NEW YORK (Reuters) - Verizon Communications has hired advisers to prepare a possible $100 billion cash and stock bid to take full control of Verizon Wireless from its partner Vodafone, two people familiar with the matter told Reuters.
It is the latest twist in a long relationship between the two telecommunications giants. Following is a timeline charting their history together:
June: U.S. regional phone company Bell Atlantic forms a wireless partnership with neighbouring peer NYNEX covering 55 million potential customers. Verizon today calls this deal the beginnings of what is now Verizon Wireless.
April: Bell Atlantic and NYNEX agree to an outright merger.
July: Bell Atlantic and peer GTE agree to merge.
January: Britain's Vodafone says it will buy U.S. wireless company AirTouch Communications.
September: Bell Atlantic and Vodafone AirTouch Plc agree to combine their U.S. wireless companies, including Bell Atlantic Mobile and AirTouch Cellular, into a single joint venture.
April: The Bell Atlantic/Vodafone AirTouch joint venture is approved, and begins operations as Verizon Wireless.
June: The Bell Atlantic/GTE merger closes, creating Verizon Communications. At that time, GTE's wireless operations are added into Verizon Wireless.
At that point Verizon Communications became majority owner of the wireless joint venture, with a 55 percent stake.
February: Vodafone loses out in the bidding to buy AT&T Wireless, a deal that would have let the company bring its brand to the United States but also might have forced it to sell its Verizon Wireless stake.
Vodafone CEO Arun Sarin says Vodafone will sit down with Verizon and discuss the future of their partnership.
September: Sarin says both Vodafone and Verizon would like to have bigger stakes in their joint venture, creating an impasse between the two.
In 2004 the joint venture pays its parents dividends of $3.2 billion in two installments.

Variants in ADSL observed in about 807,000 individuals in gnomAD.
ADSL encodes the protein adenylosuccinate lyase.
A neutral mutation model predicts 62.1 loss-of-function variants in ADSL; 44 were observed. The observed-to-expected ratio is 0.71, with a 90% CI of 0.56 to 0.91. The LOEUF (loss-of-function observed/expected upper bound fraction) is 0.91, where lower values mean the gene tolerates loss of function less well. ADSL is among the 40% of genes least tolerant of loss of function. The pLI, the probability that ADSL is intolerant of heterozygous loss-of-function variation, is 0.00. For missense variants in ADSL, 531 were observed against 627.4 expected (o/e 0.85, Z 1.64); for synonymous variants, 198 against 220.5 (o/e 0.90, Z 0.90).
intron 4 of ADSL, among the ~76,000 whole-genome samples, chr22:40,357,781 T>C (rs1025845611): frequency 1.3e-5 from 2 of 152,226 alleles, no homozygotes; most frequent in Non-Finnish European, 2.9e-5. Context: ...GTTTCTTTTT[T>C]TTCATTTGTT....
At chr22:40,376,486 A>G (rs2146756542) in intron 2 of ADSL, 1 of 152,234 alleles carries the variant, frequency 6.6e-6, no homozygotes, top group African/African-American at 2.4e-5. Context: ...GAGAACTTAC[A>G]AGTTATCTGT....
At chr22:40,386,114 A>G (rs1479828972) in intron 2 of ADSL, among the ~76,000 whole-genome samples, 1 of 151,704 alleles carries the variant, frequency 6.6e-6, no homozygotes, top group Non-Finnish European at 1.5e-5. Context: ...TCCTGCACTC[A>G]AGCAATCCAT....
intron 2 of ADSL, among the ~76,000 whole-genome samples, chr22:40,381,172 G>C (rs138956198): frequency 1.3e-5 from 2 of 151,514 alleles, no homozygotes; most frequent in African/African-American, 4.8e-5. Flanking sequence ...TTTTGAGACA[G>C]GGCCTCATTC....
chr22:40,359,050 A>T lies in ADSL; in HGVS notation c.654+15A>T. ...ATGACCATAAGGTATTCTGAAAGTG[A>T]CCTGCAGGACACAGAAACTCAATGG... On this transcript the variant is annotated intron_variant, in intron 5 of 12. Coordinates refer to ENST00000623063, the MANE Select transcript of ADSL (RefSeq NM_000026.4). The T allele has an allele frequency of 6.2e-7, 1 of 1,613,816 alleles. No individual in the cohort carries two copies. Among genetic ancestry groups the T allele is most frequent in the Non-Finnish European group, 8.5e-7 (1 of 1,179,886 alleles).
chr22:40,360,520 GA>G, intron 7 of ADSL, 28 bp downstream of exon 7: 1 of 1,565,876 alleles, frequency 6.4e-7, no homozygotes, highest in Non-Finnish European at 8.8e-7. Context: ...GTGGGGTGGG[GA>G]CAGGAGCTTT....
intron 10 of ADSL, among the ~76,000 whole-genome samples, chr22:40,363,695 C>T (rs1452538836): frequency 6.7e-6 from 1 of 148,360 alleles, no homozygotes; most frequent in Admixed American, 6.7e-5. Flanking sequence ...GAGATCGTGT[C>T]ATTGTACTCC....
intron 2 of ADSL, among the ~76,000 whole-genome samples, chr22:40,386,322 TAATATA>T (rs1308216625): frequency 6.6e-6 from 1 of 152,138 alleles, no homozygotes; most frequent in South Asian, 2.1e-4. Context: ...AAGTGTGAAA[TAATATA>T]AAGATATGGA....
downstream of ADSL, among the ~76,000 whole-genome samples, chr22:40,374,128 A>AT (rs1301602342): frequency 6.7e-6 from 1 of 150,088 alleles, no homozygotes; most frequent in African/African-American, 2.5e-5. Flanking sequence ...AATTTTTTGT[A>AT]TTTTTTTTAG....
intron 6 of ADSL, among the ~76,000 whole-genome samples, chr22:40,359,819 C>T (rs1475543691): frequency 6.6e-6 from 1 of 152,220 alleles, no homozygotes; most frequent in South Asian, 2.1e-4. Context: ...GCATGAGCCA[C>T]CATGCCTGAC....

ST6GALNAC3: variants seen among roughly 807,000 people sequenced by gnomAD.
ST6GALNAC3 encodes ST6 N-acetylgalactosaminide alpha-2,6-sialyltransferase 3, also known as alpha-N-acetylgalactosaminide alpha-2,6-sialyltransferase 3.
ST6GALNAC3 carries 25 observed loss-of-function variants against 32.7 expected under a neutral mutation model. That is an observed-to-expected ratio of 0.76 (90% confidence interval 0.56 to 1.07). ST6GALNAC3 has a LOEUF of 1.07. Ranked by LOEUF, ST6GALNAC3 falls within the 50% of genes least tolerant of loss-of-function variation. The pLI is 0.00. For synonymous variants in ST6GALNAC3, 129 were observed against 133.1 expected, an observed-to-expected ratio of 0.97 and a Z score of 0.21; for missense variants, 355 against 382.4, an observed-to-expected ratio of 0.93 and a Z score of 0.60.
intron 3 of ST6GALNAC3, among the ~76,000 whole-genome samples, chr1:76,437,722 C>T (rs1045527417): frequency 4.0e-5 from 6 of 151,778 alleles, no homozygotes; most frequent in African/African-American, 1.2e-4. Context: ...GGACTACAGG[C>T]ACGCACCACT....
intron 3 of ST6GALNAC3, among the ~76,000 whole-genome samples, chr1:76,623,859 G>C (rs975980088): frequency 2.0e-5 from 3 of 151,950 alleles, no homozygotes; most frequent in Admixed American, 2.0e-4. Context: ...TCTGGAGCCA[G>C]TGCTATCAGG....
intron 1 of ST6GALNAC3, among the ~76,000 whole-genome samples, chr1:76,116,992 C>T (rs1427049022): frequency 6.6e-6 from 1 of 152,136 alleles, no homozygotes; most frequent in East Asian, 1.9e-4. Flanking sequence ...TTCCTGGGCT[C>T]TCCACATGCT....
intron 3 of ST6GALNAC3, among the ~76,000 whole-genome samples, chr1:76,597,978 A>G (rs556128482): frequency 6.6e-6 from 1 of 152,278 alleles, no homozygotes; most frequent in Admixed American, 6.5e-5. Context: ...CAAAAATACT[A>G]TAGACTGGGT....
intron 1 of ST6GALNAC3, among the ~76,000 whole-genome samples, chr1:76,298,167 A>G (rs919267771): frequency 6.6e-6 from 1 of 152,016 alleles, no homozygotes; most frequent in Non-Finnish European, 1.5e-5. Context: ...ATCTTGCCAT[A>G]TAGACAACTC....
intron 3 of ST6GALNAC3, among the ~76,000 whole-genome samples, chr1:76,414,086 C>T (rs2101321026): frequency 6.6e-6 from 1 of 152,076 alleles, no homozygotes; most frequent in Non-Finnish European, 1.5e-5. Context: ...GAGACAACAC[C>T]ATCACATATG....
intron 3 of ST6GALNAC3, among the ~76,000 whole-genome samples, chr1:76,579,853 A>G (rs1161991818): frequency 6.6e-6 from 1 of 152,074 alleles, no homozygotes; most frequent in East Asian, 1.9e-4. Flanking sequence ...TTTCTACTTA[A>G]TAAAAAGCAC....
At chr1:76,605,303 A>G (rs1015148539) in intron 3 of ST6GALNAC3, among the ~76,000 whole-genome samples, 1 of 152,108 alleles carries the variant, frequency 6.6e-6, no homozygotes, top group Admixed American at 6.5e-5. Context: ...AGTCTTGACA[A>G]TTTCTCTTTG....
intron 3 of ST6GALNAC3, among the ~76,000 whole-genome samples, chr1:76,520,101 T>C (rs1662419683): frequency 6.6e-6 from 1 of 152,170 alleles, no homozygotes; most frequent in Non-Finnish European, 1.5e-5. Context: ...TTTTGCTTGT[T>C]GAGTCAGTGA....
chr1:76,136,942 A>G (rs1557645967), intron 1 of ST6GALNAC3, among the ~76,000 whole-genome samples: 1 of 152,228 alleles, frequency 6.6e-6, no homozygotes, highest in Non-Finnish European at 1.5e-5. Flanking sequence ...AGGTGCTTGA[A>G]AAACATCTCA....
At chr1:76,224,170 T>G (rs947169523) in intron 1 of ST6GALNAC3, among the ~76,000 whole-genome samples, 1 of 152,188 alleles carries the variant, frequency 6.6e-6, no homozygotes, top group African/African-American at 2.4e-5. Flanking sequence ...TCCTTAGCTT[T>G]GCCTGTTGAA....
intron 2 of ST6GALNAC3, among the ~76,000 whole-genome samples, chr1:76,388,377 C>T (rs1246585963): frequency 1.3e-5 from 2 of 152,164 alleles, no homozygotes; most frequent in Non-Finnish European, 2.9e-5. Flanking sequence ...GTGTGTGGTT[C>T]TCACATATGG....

Verizon Wireless pays dividends of about $1.997 billion to its parents and distributions to cover its parents' tax payments. While it pays its parents billions of dollars in the coming years to cover tax obligations, its next non-tax related payout is not announced until 2011, causing friction between them.
July: Vodafone denies reports it is considering a $160 billion to take over Verizon Communications in its entirety as a way to consolidate their venture.
July: Vittorio Colao is appointed Chief Executive of Vodafone, replacing Sarin. Colao had been on the board since October 2006.
January: Verizon Wireless completes a $28.1 billion acquisition of regional carrier Alltel that includes the assumption of $22 .2 billion in debt. For years it said it was withholding dividends to its parents in order to use its cash to pay off the debt incurred in the Alltel deal.
July: Lowell McAdam is named CEO of Verizon Communications replacing Ivan Seidenberg. Before McAdam became COO of Verizon in 2010 he had served as CEO of Verizon Wireless.
January: Verizon Wireless pays its parents a dividend of $10 billion. It had announced plans to pay a dividend in July 2011.
December: Verizon Wireless pays an $8.5 billion dividend.
January: The year kicks off with reports Verizon could consider a purchase of the Verizon Wireless stake. CEO McAdam tells Dow Jones a deal could be "feasible" but then tells Reuters the companies were not in talks about a deal at the time.
March: Speculation is rampant again after a Bloomberg report that Verizon is eying a resolution to the Vodafone relationship this year. Sources tell Reuters that Vodafone has lawyers and bankers looking at deal options.
April 3: Verizon repeated its long stated desire to buy out Vodafone's 45 percent stake in Verizon Wireless, says has no intention of pursuing a Verizon/Vodafone merger in response to speculation.
April 18: Verizon CFO Fran Shammo says his company is confident it could buy Vodafone's Verizon Wireless stake without major tax implications. This is seen by investors as a sign that Verizon is applying pressure on Vodafone to discuss a deal.
April 24: Reuters reports that Verizon is preparing a $100 billion bid for the stake and could use a structure that could limit Vodafone's tax obligation to $5 billion or less.
Sources: Verizon corporate history, Reuters, other news services
(Reporting by Chelsea Emery, Ben Berkowitz and Sinead Carew; Editing by Tim Dobbyn)